It was Hrithik Roshan who fuelled his passion for dancing and made him famous a Chhau dancer who recently got eliminated from So You Think You Can Dance. Delhiite Rishi Sharma talks to Sangeeta Yadav
Meet 25-year-old Rishi Sharma, a budding Chhau dancer who has been learning dance since he was eight. It was Hrithik Roshan’s famous dance number Ek pal ka jeena that inspired him.
“I used to dance a lot on that song and looking at my passion my parents enrolled me into Ashley Lobo’s The Danceworx Academy where I learnt Jazz and contemporary till 2009 and also performed in many annual functions in my school Laxman Public School, Delhi,” Sharma says. His mother made sure that he never loses interest.
His graduation days brought a big transformation in his life. “I got through Sri Venkateshwara College through the cultural activity quota and my first achievement came when I won the title of DT Fresh Face 2009. I also trained in playing drums from the Parikrama School of Music and topped the exam in Delhi conducted by Trinity College London,” he says.
Soon Sharma was introduced to the world of Mayurbhanj Chhau and became a disciple of Santosh Nair of Sadhya — a unit of performing arts. “In college, every student has to choose a professional choreographer for outside and we thought of Tushar Kalia, renowned choreograph from Sadhya. He has choreographed for Dharma Productions and is a creative head of India’s Got Talent and Jhalak Dikhhlaa Jaa. He introduced me to Mayurbhanj Chhau and I met my guru Santosh Nair of Sadhya from whom I got professionally training in this form,” Sharma recalls.
Talking about the dance form, Sharma says: “Chhau is traditional and stylised martial arts dance form from Orissa wherein they imitate warriors. There are three types of Chhau — Seraikella Chhau from Jharkhand, Purulia Chhau from West Bengal and Mayurbhanj Chhau from Odisha. Mayurbhanj Chhau has three moods —Hatiaardhara (holding of weapons), Kalibhanga (bending of a bud) and Kalikaata (cutting the tender sprig).”
Soon after graduation in 2012, Sharma joined Sadhya Company as a disciple of Nair and worked towards his dream to take this dance form to the international level. “You need flair of being an experienced performer and choreographer which I learnt from Santosh sir. He used to say that I can’t teach you dance but I can make you a dancer. Whatever movement that you create, would be your own and that’s how your personality gets reflected. That’s the ideology that I strongly believe in. I got my first international show in Canada and went on to do many others in Malaysia, Algeria and Tanzania,” Sharma says.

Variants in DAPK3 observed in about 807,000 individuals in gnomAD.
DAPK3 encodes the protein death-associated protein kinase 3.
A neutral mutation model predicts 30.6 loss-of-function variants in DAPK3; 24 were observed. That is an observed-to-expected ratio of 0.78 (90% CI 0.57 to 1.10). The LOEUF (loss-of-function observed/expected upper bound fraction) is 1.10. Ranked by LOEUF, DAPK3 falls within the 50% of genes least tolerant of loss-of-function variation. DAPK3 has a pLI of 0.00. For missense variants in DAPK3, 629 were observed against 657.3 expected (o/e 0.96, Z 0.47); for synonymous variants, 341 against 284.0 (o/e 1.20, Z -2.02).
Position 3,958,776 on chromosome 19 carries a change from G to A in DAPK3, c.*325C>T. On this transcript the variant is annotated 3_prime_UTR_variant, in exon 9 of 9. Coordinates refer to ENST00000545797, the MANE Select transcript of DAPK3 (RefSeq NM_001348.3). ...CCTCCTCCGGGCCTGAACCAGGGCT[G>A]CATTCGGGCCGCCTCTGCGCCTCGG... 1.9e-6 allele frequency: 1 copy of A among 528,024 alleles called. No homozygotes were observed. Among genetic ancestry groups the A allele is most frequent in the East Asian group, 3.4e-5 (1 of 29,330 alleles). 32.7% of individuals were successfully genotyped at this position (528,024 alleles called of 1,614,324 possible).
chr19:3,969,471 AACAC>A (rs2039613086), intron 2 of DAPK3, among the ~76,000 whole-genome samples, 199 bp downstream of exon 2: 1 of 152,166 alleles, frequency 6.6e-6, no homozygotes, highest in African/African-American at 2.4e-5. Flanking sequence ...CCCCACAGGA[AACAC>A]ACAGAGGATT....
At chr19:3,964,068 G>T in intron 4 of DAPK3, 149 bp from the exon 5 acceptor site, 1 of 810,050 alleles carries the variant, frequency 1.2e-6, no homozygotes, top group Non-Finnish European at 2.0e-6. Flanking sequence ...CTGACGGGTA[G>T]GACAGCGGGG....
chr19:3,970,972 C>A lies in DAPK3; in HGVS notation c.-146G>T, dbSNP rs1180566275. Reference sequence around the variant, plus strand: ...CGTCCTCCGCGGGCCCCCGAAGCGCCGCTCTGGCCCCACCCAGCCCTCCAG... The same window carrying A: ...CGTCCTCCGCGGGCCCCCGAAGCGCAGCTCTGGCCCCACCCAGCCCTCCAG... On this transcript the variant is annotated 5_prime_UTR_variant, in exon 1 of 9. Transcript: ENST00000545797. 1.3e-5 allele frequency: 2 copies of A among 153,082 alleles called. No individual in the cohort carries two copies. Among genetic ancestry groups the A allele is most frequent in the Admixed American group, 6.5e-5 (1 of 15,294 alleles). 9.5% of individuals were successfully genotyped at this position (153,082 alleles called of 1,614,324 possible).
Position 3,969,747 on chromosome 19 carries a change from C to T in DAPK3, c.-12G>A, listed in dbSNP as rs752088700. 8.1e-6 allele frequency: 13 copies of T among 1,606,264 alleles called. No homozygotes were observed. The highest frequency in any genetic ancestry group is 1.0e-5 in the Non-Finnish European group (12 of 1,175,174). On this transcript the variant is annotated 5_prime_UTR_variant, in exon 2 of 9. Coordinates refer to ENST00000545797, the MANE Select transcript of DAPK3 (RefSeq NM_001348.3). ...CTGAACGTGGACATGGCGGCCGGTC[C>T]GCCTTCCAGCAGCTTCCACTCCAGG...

It’s the art and creativity and not any particular person that inspires him the most. While understanding the art of Chhau, Sharma came across Uday Shankar’s creative work. “A pioneer in modern dancing in India Uday Shankar, Pt Ravi Shankar’s elder brother, is a jewel. Santosh sir came out with a book and a fellowship in tribute to Shankar which talks about how to create and be different from others and to work on individual personality. Dancing is all about how movement is created from what you are feeling,” Sharma says.
Uday Shankar did a lot of work in propagating the dance form by working with personalities from the entertainment industry. He feels proud to be connected to the chain of great legacy. “Uday Shankar created a lot of people like Zohra Sehgal, Prabhat Ganguly, Narendra Sharma, Guru Dutt etc. Narendra Sharma came to Delhi and started Sadhya and mentored Uday Shankar. Narendra Sharma’s son Bharat discovered the first dance movie titled Kalpana directed by Shankar and his troupe which never saw the light of day. Kalpana is now available on YouTube. I got inspired from the way the movie is made and its creative impressions,” he says.
When the opportunity for So You Think You Can Dance came up, Rishi got through the top 12. “I was close to top 10 and the competition was tough. I got eliminated because there were lifts that didn’t happen properly and I couldn’t get much votes that week. But I got to learn hip hop and had enough exposure through this show. I easily got a job in Mumbai after the show,” Sharma says.
Rishi’s major concern is the stereotyping of the dance profession. “In India, people love watching dance but not many think of making a career in it. In acting, we have National School of Drama but there is no National School of Dance where all forms of dance are taught under one roof. Indian dancers are not versatile. They aren’t thinking as much about excellence and creating out-of-the box sequences as they are about their survival in the industry. There are only a few Chhau dancers in India and people have never heard of them. That despite the immense potential the Indian audience has. Culturally, we are so rich and have so many dance forms which people abroad wait in long queues to watch. As Indians, we need to understand and appreciate our own art,” Rishi say.
(The article got published in Pioneer Newspaper – http://www.dailypioneer.com/sunday-edition/sunday-pioneer/backpack/art-and-creativity-inspires-me.html)